Close

UNITED NATIONS

Let's build a stronger, more effective UN

Our shared humanity is often stretched and strained but it is not broken, at least not yet.

In Summary
  • After nine months of disparate efforts to contain Covid-19, the notion of the international community is tattered.
  • A global challenge such as Covid-19 is exactly the reason that motivated the 50 nations that met in San Francisco in 1945 to draw up the United Nations Charter.

The United Nations was created to maintain peace and security to achieve international cooperation in solving international problems.

Today, 75 years after the UN was created by nations weary from World War II, the capacity of the United Nations to solve international problems through cooperation has been tested like no other time in its history. The UN is certainly not the centre for harmonising the actions of nations to respond to Covid-19.

To paraphrase the words of British Prime Minister Boris Johnson when he addressed the United Nations General Assembly last week; the members of the UN waged 193 separate campaigns and after nine months of disparate efforts to contain the Covid-19 pandemic, the notion of the international community is tattered.

The cacophony that is the global response to Covid-19 is singular indictment of the idea of the United Nations. The very essence of the United Nations is global collective action through consensus that is forged by mutual self-interest. A global challenge such as Covid-19 is exactly the reason that motivated the 50 nations that met in San Francisco in 1945 to draw up the United Nations Charter.

Our shared humanity is so often stretched and strained but it is not broken, at least not yet. In his address to the UNGA, French President Emmanuel Macron made a most apt analogy of the current state of the United Nations. Macron said, “Our shared house is in disorder. Its foundations are hollowed out. Its walls are sometimes cracked by blows of those who built it”.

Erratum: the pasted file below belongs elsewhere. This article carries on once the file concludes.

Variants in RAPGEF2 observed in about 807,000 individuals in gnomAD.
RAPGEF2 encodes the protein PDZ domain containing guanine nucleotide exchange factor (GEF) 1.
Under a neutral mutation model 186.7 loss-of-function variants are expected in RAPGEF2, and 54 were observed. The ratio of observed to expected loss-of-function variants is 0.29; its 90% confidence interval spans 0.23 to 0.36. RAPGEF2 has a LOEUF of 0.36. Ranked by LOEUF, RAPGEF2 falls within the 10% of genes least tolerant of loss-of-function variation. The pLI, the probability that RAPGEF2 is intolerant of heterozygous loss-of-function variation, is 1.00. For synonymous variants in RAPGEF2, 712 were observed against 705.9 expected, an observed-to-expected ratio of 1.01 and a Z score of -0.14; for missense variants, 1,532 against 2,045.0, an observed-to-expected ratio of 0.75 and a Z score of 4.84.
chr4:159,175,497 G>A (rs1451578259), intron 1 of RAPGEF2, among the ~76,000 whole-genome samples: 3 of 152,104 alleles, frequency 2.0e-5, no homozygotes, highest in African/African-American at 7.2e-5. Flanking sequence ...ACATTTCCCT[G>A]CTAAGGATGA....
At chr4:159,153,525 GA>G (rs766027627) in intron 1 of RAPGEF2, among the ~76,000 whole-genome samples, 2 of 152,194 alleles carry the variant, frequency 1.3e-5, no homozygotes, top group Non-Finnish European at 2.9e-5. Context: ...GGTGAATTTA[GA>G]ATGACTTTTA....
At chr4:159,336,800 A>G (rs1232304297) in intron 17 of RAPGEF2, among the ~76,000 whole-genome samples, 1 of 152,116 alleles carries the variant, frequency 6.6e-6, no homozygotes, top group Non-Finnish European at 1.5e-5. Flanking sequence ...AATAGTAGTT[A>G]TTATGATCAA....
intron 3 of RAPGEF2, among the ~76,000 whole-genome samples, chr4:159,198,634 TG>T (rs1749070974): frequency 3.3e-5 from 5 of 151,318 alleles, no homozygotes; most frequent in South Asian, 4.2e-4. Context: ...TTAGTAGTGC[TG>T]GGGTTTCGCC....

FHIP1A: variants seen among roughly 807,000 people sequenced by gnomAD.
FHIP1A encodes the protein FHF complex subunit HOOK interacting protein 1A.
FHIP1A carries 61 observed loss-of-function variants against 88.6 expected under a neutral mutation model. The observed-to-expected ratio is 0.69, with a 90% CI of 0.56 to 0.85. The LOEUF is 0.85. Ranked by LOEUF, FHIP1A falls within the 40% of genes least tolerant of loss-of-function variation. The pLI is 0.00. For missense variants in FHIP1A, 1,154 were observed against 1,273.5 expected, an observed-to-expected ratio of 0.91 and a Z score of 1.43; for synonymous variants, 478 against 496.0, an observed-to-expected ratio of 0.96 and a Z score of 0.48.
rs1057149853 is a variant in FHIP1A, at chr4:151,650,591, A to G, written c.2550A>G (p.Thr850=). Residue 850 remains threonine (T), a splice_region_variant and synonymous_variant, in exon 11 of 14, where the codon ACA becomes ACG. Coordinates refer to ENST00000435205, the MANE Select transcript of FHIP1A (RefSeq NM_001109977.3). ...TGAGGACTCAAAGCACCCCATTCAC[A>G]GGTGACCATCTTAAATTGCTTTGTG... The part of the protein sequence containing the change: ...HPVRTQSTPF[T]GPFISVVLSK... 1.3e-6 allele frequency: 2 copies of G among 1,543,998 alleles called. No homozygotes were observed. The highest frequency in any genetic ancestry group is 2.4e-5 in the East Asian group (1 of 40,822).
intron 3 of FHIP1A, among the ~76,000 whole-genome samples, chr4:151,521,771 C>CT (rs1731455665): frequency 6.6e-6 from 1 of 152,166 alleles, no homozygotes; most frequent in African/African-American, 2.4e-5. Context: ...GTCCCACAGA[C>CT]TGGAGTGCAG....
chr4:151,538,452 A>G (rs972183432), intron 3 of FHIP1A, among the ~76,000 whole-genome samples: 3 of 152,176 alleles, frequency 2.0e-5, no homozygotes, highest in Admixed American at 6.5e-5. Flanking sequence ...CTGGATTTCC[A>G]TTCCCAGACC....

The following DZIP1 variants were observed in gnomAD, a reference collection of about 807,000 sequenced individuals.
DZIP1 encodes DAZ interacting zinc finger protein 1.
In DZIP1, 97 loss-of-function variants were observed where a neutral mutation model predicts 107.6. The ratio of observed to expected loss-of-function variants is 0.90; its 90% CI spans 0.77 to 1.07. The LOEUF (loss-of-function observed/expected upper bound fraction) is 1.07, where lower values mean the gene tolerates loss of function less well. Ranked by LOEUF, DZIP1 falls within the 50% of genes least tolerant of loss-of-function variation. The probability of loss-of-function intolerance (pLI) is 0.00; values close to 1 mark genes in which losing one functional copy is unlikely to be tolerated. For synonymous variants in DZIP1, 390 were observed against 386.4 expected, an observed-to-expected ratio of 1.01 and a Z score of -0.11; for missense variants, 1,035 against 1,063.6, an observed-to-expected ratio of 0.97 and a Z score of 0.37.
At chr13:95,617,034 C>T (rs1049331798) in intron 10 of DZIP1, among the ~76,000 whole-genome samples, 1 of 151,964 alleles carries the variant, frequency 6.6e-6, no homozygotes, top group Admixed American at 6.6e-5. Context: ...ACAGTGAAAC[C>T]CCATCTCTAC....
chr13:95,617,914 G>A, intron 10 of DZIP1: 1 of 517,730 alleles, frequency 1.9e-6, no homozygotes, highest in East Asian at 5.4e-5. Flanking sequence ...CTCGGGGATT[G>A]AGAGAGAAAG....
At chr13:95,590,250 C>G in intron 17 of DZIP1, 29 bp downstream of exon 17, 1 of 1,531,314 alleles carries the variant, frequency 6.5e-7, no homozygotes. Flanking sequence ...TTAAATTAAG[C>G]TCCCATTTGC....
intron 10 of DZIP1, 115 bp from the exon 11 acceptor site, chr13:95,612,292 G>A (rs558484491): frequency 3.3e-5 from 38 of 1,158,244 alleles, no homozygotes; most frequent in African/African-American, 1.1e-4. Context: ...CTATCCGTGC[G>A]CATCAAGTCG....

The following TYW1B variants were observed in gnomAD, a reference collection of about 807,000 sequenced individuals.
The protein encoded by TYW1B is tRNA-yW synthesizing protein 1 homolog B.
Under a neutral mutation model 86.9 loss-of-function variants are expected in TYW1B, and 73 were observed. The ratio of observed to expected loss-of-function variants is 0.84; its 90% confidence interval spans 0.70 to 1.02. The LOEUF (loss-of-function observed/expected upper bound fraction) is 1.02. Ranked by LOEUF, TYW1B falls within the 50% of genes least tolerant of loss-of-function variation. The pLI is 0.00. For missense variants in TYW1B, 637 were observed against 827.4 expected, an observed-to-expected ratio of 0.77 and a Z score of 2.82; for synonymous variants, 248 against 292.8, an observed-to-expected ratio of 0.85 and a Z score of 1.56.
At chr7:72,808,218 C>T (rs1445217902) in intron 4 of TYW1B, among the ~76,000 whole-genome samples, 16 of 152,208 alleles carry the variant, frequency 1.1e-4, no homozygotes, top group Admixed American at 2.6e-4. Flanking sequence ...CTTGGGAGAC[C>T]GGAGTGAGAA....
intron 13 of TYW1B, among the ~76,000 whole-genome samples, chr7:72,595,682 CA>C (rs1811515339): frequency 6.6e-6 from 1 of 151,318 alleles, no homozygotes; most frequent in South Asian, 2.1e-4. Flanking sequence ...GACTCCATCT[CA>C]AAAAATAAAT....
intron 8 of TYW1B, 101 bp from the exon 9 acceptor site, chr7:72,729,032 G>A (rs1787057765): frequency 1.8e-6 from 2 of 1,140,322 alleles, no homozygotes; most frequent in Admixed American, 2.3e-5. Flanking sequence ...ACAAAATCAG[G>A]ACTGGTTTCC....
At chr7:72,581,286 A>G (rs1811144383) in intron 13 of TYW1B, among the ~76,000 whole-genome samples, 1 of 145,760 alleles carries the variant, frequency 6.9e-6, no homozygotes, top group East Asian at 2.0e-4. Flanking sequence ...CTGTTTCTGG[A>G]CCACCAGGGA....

No one, more than US President Donald Trump, has worked harder at undermining the spirit and existence of the United Nations. Trump used his address at the UNGA to tout his magnificent domestic economic record – the best three-year prosperity in the history of the world.

Trump alleged that WHO was controlled by China, ridiculed the Paris Climate Accord, and bragged about America’s unmatched military might. Trump also preened himself about blunting the health and economic impact of Covid-19 which he calls the China virus.

While the name “United Nations” was coined by US President Franklin D Roosevelt, the most ardent devotees of collective governance and multilateralism today are China, United Kingdom, Germany and France. Trump has vociferously advocated unilateralism, nation state first.

But leaders of major powers disagree. Germany’s Angela Merkel believes our well-being and suffering are shared. China’s Xi Jinping urged the UNGA to say no to unilateralism and to build a new type of international relations and a community with a shared future for mankind. Johnson pledged to use the G7 presidency to create a new global approach to global health security to protect humanity against another pandemic.

We have one planet, one home. Unless we pull together and turn all our passions against our common challenges – disease, climate change, inequality, ecological decline and human rights – all of mankind will be worse off and inevitably perish.